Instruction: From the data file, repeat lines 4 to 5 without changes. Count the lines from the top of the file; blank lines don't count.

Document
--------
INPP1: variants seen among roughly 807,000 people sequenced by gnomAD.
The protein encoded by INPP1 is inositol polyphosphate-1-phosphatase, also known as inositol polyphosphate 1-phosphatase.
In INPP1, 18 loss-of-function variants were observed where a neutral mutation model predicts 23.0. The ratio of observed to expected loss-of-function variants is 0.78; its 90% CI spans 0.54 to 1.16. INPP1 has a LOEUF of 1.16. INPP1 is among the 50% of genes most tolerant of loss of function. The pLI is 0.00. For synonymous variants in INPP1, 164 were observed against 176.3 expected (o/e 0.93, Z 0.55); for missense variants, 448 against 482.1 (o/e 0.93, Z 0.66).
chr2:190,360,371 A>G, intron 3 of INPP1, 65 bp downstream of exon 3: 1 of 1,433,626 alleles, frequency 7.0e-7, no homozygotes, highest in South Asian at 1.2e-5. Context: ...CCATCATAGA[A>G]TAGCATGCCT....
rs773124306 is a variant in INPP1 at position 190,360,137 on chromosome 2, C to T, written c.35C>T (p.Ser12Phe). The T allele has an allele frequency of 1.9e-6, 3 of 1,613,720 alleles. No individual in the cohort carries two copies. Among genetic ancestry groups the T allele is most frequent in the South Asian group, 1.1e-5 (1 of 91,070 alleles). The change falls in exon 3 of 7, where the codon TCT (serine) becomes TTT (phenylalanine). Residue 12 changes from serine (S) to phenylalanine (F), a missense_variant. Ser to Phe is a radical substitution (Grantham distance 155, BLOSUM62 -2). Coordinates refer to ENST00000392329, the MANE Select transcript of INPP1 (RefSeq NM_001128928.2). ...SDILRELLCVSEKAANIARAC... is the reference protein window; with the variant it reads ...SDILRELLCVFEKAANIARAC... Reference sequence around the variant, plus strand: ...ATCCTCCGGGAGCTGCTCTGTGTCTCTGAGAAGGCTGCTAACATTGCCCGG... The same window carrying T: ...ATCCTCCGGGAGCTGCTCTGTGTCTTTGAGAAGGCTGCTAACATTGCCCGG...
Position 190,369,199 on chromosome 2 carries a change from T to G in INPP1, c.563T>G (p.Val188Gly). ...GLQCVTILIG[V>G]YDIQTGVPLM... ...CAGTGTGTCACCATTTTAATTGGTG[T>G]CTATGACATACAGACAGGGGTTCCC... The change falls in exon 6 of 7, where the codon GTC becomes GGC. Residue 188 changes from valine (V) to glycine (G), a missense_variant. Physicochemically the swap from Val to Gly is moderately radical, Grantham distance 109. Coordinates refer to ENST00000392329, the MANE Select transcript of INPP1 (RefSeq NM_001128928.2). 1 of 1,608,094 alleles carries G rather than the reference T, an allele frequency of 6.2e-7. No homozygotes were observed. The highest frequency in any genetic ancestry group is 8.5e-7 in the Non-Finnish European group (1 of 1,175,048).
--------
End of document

chr2:190,360,371 A>G, intron 3 of INPP1, 65 bp downstream of exon 3: 1 of 1,433,626 alleles, frequency 7.0e-7, no homozygotes, highest in South Asian at 1.2e-5. Context: ...CCATCATAGA[A>G]TAGCATGCCT....
rs773124306 is a variant in INPP1 at position 190,360,137 on chromosome 2, C to T, written c.35C>T (p.Ser12Phe). The T allele has an allele frequency of 1.9e-6, 3 of 1,613,720 alleles. No individual in the cohort carries two copies. Among genetic ancestry groups the T allele is most frequent in the South Asian group, 1.1e-5 (1 of 91,070 alleles). The change falls in exon 3 of 7, where the codon TCT (serine) becomes TTT (phenylalanine). Residue 12 changes from serine (S) to phenylalanine (F), a missense_variant. Ser to Phe is a radical substitution (Grantham distance 155, BLOSUM62 -2). Coordinates refer to ENST00000392329, the MANE Select transcript of INPP1 (RefSeq NM_001128928.2). ...SDILRELLCVSEKAANIARAC... is the reference protein window; with the variant it reads ...SDILRELLCVFEKAANIARAC... Reference sequence around the variant, plus strand: ...ATCCTCCGGGAGCTGCTCTGTGTCTCTGAGAAGGCTGCTAACATTGCCCGG... The same window carrying T: ...ATCCTCCGGGAGCTGCTCTGTGTCTTTGAGAAGGCTGCTAACATTGCCCGG...